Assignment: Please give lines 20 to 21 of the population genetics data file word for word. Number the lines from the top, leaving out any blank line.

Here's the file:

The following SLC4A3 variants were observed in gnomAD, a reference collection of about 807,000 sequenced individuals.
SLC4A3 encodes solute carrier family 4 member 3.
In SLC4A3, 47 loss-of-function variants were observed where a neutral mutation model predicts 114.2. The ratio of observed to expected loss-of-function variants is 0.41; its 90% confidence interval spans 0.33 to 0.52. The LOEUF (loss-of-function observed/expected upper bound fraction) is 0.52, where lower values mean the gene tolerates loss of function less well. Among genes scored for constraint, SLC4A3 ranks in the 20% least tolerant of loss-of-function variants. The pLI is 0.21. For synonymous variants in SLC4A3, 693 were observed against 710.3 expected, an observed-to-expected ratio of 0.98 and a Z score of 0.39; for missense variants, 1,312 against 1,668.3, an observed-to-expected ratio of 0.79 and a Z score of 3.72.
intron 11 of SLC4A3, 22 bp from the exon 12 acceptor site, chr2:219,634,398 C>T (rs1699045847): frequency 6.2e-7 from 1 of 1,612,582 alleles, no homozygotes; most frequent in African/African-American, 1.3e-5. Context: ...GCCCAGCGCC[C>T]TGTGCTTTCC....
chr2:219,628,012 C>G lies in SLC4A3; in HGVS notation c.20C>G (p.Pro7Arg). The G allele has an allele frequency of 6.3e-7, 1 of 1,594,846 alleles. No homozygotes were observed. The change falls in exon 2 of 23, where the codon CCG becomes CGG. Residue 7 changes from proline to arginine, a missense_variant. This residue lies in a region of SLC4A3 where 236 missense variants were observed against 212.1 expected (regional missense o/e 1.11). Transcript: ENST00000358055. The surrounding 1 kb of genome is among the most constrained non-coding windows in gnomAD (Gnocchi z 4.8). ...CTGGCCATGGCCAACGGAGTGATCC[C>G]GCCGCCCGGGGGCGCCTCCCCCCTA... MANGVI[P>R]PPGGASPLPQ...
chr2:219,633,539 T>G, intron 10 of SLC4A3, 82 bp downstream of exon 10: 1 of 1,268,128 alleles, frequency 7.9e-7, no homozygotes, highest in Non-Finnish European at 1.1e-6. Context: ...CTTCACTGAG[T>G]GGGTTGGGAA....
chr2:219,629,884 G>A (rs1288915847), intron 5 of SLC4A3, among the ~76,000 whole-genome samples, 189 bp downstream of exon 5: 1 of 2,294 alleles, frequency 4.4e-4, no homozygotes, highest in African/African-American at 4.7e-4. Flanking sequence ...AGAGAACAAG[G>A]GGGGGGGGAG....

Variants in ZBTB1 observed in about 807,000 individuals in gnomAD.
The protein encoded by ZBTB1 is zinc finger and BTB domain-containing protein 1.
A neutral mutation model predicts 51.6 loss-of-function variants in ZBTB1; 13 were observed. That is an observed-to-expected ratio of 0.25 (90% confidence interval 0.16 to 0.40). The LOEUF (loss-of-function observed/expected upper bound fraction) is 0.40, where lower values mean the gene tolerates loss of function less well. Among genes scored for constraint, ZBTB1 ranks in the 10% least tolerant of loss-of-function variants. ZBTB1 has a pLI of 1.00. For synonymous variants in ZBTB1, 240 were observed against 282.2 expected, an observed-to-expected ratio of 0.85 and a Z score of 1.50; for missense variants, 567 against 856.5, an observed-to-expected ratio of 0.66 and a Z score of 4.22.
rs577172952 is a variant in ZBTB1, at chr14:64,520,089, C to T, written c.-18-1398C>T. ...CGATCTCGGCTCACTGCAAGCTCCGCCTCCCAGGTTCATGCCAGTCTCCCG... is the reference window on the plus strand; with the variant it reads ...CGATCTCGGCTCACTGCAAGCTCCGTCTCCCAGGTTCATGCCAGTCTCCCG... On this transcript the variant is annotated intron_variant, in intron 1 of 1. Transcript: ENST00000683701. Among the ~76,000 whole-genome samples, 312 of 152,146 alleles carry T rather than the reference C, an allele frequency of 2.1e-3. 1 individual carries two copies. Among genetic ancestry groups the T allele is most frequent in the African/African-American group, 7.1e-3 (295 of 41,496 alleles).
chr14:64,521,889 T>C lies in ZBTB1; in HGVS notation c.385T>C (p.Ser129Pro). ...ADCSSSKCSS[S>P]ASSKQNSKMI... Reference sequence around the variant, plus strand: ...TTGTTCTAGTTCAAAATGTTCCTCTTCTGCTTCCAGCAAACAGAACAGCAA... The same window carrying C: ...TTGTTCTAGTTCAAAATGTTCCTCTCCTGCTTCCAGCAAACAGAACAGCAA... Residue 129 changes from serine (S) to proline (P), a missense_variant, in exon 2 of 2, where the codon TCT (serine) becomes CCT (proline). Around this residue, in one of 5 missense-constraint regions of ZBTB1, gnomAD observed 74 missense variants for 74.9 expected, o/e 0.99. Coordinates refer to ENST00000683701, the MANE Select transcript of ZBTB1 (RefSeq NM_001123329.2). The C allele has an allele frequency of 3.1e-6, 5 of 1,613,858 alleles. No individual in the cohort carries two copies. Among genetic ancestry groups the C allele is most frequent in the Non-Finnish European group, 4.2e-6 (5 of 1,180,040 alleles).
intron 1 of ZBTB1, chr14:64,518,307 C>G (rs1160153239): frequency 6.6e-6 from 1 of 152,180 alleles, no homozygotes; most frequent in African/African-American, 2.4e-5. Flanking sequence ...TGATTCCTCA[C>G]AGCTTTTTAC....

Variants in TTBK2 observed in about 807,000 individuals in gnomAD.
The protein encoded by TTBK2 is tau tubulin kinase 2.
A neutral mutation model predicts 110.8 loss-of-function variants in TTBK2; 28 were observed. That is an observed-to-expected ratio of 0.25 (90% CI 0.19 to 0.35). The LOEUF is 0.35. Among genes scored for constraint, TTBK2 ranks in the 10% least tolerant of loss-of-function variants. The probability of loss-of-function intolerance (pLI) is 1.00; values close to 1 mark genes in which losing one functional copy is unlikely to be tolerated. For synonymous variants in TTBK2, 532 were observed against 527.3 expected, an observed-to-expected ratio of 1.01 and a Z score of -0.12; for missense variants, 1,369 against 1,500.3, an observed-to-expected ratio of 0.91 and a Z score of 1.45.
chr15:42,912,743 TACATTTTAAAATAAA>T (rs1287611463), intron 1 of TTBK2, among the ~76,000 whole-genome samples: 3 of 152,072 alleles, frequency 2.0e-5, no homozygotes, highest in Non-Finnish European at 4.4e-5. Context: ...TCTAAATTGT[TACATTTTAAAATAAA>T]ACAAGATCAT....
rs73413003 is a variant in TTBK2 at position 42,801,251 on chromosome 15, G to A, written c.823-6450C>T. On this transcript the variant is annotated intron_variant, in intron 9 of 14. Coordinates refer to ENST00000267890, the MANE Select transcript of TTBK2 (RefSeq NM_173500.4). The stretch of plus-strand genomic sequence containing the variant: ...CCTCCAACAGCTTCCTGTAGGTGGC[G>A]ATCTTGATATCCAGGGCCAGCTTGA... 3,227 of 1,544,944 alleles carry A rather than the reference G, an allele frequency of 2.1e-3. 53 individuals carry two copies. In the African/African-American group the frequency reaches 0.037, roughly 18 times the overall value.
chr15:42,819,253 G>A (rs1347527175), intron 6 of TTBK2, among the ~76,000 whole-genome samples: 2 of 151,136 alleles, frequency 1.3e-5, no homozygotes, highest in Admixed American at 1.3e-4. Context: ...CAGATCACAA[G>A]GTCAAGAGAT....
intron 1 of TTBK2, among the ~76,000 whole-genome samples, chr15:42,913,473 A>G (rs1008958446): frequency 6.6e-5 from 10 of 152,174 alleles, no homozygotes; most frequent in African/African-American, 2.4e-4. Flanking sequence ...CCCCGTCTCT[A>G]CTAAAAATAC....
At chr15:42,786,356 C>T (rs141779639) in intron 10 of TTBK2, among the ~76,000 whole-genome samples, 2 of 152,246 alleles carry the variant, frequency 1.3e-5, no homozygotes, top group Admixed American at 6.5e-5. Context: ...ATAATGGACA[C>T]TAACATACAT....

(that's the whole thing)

intron 1 of TTBK2, among the ~76,000 whole-genome samples, chr15:42,913,473 A>G (rs1008958446): frequency 6.6e-5 from 10 of 152,174 alleles, no homozygotes; most frequent in African/African-American, 2.4e-4. Flanking sequence ...CCCCGTCTCT[A>G]CTAAAAATAC....
At chr15:42,786,356 C>T (rs141779639) in intron 10 of TTBK2, among the ~76,000 whole-genome samples, 2 of 152,246 alleles carry the variant, frequency 1.3e-5, no homozygotes, top group Admixed American at 6.5e-5. Context: ...ATAATGGACA[C>T]TAACATACAT....